“Yaqeen Institute for Islamic Research is a research institute which aims to instill conviction and inspire contribution based on mainstream Islamic texts.”
Pre-Islamic Arabia was brutal in its treatment of women. Women were not viewed as people with essential, independent value.
From the time of their birth, they were already in danger. One of the most horrific practices of Pre-Islamic Arabia was the custom of burying infant girls alive.
But the advent of Islam brought a paradigm shift.
Prophet Muhammad ﷺ fully understood where his society’s disregard for women had come from and addressed the root of the problem to completely revolutionize the treatment of women:
He ﷺ demonstrated women’s inherent value since birth through the way he treated his own daughters.
When his beloved daughter, Fatima, would walk into his home, he ﷺ would stand up to receive her, kiss her on the forehead, and seat her in the place he had been sitting.
He said of her, “She is a piece of me.”
He fully reversed the negative cultural implications attached to daughters by saying: “Whoever raises two daughters and does well with their upbringing will be with me in paradise like these two fingers (holding together his index and middle finger).”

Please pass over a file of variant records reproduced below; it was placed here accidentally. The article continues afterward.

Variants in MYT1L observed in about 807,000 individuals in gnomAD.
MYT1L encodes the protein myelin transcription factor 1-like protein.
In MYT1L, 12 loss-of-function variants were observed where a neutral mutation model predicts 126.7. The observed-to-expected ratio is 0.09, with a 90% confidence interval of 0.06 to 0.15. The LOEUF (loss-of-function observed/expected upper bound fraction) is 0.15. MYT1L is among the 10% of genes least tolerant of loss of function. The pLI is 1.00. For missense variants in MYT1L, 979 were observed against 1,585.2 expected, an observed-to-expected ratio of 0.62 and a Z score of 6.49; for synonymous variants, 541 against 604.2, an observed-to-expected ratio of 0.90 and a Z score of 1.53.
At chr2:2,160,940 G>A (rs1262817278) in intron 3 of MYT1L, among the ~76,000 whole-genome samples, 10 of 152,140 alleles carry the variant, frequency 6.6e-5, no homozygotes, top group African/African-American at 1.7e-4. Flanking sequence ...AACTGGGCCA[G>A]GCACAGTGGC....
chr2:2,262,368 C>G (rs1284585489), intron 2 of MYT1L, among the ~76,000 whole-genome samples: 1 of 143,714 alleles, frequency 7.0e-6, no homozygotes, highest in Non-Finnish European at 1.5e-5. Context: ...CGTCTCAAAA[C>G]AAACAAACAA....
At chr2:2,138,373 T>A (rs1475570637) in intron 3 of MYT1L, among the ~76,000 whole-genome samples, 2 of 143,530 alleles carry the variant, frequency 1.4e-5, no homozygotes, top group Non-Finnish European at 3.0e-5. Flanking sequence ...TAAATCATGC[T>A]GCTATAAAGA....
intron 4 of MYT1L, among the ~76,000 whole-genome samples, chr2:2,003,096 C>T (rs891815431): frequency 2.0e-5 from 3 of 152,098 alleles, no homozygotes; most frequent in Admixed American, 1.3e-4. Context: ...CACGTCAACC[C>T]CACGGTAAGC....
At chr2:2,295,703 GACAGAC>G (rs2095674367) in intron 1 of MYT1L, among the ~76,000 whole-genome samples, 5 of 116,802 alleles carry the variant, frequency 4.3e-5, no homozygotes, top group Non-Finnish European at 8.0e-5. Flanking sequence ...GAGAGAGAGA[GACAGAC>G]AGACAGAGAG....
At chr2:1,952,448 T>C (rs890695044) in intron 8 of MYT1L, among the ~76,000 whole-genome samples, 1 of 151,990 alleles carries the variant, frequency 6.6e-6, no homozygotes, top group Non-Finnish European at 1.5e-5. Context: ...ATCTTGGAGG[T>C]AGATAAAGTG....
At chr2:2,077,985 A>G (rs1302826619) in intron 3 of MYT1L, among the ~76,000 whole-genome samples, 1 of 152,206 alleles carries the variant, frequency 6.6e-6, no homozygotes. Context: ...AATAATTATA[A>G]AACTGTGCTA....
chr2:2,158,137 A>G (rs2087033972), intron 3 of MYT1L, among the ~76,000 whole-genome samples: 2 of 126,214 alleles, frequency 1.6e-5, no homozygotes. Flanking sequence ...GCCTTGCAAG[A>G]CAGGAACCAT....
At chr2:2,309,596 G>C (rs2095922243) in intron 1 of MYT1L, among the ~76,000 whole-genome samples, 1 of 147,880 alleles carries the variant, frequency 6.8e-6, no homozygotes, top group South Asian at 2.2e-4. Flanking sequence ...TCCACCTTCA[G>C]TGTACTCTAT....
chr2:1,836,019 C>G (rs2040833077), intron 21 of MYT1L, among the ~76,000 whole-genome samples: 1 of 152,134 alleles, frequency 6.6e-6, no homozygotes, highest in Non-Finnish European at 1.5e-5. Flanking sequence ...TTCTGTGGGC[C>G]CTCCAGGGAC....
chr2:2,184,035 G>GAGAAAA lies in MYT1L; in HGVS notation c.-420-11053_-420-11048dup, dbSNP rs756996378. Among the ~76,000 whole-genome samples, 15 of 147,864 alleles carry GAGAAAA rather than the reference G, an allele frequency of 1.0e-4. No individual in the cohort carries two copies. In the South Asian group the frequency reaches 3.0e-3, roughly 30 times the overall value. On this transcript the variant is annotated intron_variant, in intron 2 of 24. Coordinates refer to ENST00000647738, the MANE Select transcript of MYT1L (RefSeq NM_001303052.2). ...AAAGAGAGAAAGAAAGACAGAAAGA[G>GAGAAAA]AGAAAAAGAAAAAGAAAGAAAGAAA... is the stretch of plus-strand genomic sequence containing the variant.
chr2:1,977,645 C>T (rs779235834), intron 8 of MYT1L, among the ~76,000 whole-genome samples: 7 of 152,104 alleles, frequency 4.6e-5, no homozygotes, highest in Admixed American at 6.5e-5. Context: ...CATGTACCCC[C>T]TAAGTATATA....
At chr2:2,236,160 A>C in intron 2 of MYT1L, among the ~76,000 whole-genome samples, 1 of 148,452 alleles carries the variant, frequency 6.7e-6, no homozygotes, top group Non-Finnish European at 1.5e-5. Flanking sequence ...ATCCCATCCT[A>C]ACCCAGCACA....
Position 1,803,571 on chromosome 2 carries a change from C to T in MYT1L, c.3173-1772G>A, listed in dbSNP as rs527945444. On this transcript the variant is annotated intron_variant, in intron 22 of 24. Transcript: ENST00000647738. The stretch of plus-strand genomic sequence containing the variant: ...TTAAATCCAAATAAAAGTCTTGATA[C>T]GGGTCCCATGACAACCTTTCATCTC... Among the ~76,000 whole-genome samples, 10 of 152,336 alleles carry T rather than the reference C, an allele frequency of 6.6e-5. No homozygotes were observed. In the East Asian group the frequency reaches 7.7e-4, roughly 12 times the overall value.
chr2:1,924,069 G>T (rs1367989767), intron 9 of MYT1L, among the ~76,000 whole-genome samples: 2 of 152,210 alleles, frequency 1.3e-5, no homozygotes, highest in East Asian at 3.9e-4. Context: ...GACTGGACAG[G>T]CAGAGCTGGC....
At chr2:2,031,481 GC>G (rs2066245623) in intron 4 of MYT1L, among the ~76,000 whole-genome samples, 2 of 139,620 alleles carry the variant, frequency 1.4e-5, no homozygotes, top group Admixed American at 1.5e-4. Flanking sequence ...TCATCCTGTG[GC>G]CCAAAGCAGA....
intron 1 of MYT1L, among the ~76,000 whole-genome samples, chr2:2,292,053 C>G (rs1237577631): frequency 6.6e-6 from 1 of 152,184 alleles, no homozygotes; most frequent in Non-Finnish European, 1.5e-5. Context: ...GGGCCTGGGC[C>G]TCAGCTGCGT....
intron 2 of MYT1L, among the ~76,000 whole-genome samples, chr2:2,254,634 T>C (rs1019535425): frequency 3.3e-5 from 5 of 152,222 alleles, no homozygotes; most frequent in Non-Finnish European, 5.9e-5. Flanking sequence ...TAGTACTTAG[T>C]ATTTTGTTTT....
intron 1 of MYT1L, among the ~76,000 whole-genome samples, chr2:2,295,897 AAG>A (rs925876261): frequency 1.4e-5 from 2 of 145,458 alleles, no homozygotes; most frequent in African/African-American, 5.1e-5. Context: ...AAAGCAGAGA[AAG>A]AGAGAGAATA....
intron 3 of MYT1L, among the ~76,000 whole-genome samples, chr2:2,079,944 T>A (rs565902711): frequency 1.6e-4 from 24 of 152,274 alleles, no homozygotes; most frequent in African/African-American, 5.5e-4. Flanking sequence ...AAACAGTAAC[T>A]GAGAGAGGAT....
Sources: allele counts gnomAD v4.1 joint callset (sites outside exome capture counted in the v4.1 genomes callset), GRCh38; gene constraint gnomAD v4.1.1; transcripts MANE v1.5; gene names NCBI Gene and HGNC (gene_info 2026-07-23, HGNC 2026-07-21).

The new outlook transformed the role of a father to daughter(s) to one of serious responsibility.
And the Prophet ﷺ demonstrated by example how the Shari’ah flatly invalidates a marriage conducted without the woman’s consent, whether expressed or implied, by giving the choice to several women to anul the marriages they had been forced into by their fathers previously.
By recognizing the inherent value of a daughter, the Prophet ﷺ was recognizing the inherent value of a woman since birth, a total upheaval of the status quo that carried through generations.
So whenever someone would complain to him about having daughters, the scholar Ahmad b. Hanbal would say: “The prophets were fathers of daughters.”
Read more in “We Used to Have No Regard for Women”: Gender Equity & the Advent of Islam by Maryam Al-Dabbagh, Omar Suleiman, Roohi Tahir and Mohammad Elshinawy
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